Gov. David Ige and Lt. Gov. Josh Green were sworn in Monday at a ceremony that took place in the State Capitol Rotunda.
This was Ige’s second inauguration. He was initially sworn in as the 8th governor of the State of Hawaii on Dec. 1, 2014.
He was accompanied by his wife, First Lady Dawn Amano-Ige, and his three children, Lauren, Amy, and Matt.
Green was formerly a state senator from Hawaii Island. He was accompanied by his wife, Jaime, and children Maia and Sam.
Chief Justice Mark Recktenwald administered the oaths of office.
The ceremony included a musical prelude by the Royal Hawaiian Band and The Kamehameha Schools Children’s Chorus, and a traditional 10-cannon salute by the Hawaii National Guard.
Former governors George Ariyoshi, John Waihee, Ben Cayetano, Linda Lingle, and Neil Abercrombie were in attendance.
One of the governor’s goals for his second term is to build a better Hawaii for future generations, even as his own children now pursue careers on the mainland.
“That’s the opportunity and that’s the challenge for all of us, really to create an economic environment here that can really foster innovation and business startups so that we can create careers here for the next generation. So yes, for me, it’s personal, but I also know I speak for many parents in the community who have seen their children leave, and would want them back,” Ige said.
Ige also says more changes are planned for Hawaii’s public education system, including exploring how DOE property could generate revenue to support schools.
“If you look at what we’ve done in the last four years, it’s about aligning the goals of the Board of Education, myself, and the superintendent. So I’m excited. (Superintendent Dr. Christina) Kishimoto has been very focused on the student empowerment of schools, and we do share the same philosophy that those closest to the children should be making the most important decisions, and we’re committed to delivering more resources to the school level, and I think investing in educational leaders,” Ige said. “Empowerment is not just about a word that we say. It really is ensuring that we have quality leadership at the school level, administrative as well as faculty and staff, who really understand the challenges and the opportunities that a 21st century education provides.”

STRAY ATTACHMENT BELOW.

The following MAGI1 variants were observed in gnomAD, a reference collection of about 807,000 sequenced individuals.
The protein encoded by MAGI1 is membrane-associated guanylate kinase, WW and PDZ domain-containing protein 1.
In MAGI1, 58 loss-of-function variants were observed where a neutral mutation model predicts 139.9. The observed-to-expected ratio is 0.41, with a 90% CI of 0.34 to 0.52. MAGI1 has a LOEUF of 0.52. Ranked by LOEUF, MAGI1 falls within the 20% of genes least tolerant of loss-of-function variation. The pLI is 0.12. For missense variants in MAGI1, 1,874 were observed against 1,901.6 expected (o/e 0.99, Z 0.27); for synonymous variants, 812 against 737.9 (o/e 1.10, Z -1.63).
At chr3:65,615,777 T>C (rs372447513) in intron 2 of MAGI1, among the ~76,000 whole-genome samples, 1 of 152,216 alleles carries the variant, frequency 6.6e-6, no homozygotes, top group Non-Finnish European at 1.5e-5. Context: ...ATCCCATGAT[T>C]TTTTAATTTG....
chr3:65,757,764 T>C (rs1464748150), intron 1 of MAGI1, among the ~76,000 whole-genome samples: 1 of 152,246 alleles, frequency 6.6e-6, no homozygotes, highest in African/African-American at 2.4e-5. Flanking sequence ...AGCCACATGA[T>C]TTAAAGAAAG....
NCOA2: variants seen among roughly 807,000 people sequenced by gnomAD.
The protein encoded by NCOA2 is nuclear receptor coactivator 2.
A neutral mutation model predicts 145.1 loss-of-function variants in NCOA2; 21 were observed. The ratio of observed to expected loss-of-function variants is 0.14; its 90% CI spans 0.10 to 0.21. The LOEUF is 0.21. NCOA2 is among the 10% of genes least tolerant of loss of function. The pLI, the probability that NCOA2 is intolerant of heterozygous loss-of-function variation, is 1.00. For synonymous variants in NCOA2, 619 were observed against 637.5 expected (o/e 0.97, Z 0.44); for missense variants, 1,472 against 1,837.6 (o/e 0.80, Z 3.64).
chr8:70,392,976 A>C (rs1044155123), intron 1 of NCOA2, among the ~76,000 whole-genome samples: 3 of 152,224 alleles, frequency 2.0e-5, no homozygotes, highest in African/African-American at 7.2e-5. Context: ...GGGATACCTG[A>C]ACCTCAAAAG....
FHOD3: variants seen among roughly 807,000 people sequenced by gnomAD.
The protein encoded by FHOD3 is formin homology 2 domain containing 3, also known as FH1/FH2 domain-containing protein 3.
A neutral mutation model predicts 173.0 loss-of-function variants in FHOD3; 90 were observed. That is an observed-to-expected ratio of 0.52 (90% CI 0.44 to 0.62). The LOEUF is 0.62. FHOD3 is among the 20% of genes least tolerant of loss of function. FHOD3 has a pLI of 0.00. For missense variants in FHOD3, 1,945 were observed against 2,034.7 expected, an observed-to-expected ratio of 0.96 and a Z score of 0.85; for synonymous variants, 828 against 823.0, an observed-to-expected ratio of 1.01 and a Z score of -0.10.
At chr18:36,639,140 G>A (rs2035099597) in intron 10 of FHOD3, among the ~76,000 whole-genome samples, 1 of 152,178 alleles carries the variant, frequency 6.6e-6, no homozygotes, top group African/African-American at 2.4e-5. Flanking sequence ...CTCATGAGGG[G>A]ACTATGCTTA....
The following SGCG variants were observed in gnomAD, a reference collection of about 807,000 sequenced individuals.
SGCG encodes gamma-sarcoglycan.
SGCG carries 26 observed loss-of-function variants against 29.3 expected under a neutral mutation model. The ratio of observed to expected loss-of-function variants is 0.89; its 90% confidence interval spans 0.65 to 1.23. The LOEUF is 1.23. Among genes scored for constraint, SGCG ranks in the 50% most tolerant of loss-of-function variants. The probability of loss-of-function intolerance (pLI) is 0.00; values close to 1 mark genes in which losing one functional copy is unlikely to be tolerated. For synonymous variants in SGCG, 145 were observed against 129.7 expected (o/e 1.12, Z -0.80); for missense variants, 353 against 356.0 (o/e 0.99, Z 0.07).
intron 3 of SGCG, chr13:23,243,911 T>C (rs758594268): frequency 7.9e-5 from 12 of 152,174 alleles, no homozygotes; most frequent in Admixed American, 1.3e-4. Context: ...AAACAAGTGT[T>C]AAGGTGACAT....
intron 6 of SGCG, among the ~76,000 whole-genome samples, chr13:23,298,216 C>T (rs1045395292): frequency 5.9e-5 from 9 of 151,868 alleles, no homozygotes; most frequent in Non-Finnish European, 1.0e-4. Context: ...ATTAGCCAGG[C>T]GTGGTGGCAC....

Another challenge is to provide core services for Hawaii’s homeless population.
“I think Dr. Green sees it first-hand, that oftentimes repeat visitors to the ER are homeless individuals who consume so much of our resources. I think the notion is that if we can set up clinics that will be able to provide more consistent care to those who are homeless and who are chronically in need of health care, that we would reduce the cost of health care for everyone,” Ige said.
“Much of the work that we’ve been doing for homelessness has really focused on how to make existing programs more efficient by ensuring that the outcomes that we’re measuring and the standards that we’re holding the service providers to are aligned with the core principles and priorities of the administration,” he added. “It is about Housing First, and knowing that if we can get homeless individuals into permanent, supportive housing and provide them with mental health and substance abuse and other health services that they need, we stand a better shot of transitioning them into becoming productive citizens if we can do that, so we will continue to focus in those areas.”
Inauguration ceremony video provided by Olelo Community Media.